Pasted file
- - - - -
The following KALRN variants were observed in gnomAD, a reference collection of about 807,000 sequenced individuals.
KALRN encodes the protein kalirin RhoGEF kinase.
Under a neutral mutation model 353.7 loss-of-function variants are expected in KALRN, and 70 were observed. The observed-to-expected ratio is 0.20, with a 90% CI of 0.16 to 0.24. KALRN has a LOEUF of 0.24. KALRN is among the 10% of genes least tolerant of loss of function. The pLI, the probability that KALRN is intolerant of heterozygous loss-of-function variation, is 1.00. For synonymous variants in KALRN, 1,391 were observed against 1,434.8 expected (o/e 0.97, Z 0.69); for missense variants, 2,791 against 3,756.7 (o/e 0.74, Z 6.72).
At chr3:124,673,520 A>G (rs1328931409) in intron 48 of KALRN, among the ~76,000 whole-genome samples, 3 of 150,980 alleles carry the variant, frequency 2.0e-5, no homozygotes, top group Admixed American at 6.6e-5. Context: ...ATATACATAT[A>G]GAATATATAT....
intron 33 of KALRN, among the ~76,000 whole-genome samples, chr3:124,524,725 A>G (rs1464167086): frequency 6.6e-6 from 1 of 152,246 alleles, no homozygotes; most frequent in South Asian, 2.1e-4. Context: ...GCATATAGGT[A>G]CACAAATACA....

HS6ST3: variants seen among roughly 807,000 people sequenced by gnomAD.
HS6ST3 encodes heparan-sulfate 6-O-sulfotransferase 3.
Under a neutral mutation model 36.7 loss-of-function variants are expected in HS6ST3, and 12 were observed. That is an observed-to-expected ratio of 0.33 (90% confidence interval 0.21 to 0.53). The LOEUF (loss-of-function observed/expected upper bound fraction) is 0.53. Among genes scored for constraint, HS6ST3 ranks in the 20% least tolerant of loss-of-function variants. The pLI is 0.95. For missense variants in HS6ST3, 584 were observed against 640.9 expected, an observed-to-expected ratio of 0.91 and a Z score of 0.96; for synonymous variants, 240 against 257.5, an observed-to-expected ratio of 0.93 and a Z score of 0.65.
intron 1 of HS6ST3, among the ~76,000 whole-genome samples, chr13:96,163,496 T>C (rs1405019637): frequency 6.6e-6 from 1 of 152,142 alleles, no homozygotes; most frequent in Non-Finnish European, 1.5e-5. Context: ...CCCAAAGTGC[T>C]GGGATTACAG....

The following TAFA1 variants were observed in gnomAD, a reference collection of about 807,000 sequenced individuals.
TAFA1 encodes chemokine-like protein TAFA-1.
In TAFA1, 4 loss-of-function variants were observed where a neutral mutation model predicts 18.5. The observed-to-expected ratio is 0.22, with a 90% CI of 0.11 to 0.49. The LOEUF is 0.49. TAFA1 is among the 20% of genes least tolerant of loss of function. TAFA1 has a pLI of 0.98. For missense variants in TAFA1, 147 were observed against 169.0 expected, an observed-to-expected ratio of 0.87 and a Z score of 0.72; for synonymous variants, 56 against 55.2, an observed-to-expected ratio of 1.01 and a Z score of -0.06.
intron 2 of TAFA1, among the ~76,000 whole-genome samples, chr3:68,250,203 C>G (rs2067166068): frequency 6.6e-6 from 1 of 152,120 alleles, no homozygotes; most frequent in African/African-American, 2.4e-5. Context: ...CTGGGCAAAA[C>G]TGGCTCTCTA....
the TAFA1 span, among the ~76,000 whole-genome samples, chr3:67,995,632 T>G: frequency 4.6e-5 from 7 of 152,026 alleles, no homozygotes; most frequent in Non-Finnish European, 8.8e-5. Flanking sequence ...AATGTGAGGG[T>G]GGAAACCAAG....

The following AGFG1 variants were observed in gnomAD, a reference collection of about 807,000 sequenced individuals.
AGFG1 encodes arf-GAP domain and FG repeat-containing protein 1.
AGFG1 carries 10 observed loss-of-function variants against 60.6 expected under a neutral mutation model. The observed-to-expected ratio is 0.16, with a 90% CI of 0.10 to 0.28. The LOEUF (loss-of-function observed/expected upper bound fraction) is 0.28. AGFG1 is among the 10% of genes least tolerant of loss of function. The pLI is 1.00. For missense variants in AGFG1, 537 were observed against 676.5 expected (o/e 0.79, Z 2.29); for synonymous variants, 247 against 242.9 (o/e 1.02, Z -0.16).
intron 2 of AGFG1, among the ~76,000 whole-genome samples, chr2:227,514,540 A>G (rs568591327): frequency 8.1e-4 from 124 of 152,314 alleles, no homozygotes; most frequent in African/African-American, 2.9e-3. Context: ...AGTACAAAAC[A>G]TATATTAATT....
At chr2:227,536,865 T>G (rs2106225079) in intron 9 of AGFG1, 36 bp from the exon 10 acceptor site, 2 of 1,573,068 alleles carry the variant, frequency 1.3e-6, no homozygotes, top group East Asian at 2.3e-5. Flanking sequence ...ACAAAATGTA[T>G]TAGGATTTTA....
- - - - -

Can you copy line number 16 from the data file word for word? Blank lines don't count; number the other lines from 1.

AGFG1 encodes arf-GAP domain and FG repeat-containing protein 1.